“I always knew Maggie Marilyn was going to be values-driven from the bottom up,” says Maggie Hewitt, New Zealand-based fashion designer and sustainability advocate.
Hailing from a small country town in The Bay of Islands, Maggie has always taken inspiration from the environment to inform her craft, and an education in Fine Arts (majoring in Fashion Design) only reinforced this eco state of mind. “I went to a university in Auckland where sustainability was a really big part of our course curriculum – I think that was pretty progressive for the time,” she says.
“Once I was there, this very unglamorous curtain was pulled back on what the industry was really responsible for – not just the environmental impact but the social impact as well. It really informed my practice.”
At 21, fresh out of design school and disheartened by the damage the industry was doing to people and the planet, Maggie was faced with a choice: abandon her dreams of a career in fashion, or work to solve the problem from within. “I really thought there was a gap in the market,” she explains.
“At the time, there weren’t really many brands working in this space of transparency; really understanding supply chains, knowing where everything comes from and understanding the environmental impacts of the products that you make.”
Determined to forge ahead, she launched Maggie Marilyn as a small independent label in September 2016.
Now synonymous with seasonless essentials, innovative tailoring and spirit-lifting occasion wear, Maggie’s take on accessible luxury experienced rapid commercial success. A mere six months after launching, the brand’s debut collection was purchased by e-tail giant Net-a-Porter, with other wholesale platforms quickly following suit. Pieces were soon photographed on the likes of Meghan Markle and Gigi Hadid, and Maggie was nominated for the prestigious LVMH prize.
The following years, however, changed her perspective. “I’ve really grown up with this business,” she reflects. “You learn so much just being in the industry, and there’s an element of needing to play the game to try and change the game.”
Which is exactly what she’s been doing. Alongside her strict sustainability standards, including the use of organic fabrications, local production, paying her team living wages and transparent manufacturing, Maggie announced in November 2020 that she was walking away from traditional wholesale retail. “I knew the goals I had around circularity and regeneration, and really wanting to change the world, weren’t going to happen through our wholesale partners,” she says.
Now employing a direct-to-consumer sales model, the brand opened its first retail space (or ‘home’), in the same month, with plans to expand in the coming year.
There are numerous parallels between the worlds of fashion and luxury automotive design – both industries champion innovation, intuitive aesthetics, and possess a shared commitment to the preservation of our planet. So when Mercedes-Benz began the search for a partner that shared its values, Maggie Marilyn was the obvious choice. “It’s been in the works for a little while now, so it’s exciting to be able to talk about it!” she says.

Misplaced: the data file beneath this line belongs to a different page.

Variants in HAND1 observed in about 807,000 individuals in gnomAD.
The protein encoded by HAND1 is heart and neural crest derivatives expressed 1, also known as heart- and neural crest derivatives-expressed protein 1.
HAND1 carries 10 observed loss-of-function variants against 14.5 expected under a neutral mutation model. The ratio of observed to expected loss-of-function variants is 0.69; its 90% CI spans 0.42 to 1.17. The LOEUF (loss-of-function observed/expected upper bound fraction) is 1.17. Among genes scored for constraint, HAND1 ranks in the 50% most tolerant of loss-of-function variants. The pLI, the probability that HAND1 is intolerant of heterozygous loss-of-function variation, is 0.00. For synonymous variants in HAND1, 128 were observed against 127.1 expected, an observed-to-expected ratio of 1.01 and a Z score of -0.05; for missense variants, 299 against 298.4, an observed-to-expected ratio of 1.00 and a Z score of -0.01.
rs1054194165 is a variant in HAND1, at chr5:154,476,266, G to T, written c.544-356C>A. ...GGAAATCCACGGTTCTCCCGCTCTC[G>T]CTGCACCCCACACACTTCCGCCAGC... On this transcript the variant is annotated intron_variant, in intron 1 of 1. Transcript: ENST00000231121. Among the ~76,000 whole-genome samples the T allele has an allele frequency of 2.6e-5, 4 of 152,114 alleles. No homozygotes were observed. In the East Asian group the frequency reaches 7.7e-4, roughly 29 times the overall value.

Throughout the duration of the partnership, Maggie will drive vehicles from the Mercedes-EQ range, including the all-electric EQC and A 250 e plug-in hybrid. Both models embody a sophisticated and progressive design language, enabling locally emission-free driving and, in the case of the fully electric EQC 400, contain nearly 100 components crafted from renewable sources (think hemp, kenaf, wool, cotton, paper and natural rubber).
“What really impressed me the most about Mercedes-Benz was how they’ve always been at the top of their game in terms of innovation and technology,” Maggie says. “I think we feel really honoured to align, not only as brand partners, but be able to have this shared dedication towards creating a better future.”
A big believer in the adage ‘a problem shared is a problem halved’, Maggie sees the partnership as not only philosophically symbiotic, but a catalyst for long-lasting environmental and social change. “We know that as one brand we can’t solve all the challenges that lie ahead, and we need to collaborate with like-minded businesses.”
She hopes the relationship will amplify their collective mission to educate and empower customers. “I think now more than ever, especially in light of COVID-19, [consumers] really understand the value of where their dollar goes, and the power they have in transitioning our industry into one that really is sustainable in the true essence of the word. One that can be here in the years to come,” she says.
As for what else lies ahead this year, Maggie is excited to release the brand’s updated ‘sustainability roadmap’. “We’ve got huge goals around circularity and regeneration,” she says, citing their garment repairs program and take-back scheme as key focuses for 2021.
“At Maggie Marilyn, we always say we want to build a business that could be here in 50 years, or 100 years’ time. And I think when you’re building something to last, you’re not as concerned about quick wins. It’s about the long game.”
To learn more about our Sustainable Fashion programmes, click here
Article first posted in Mercedes Me Magazine by Victoria Pearson
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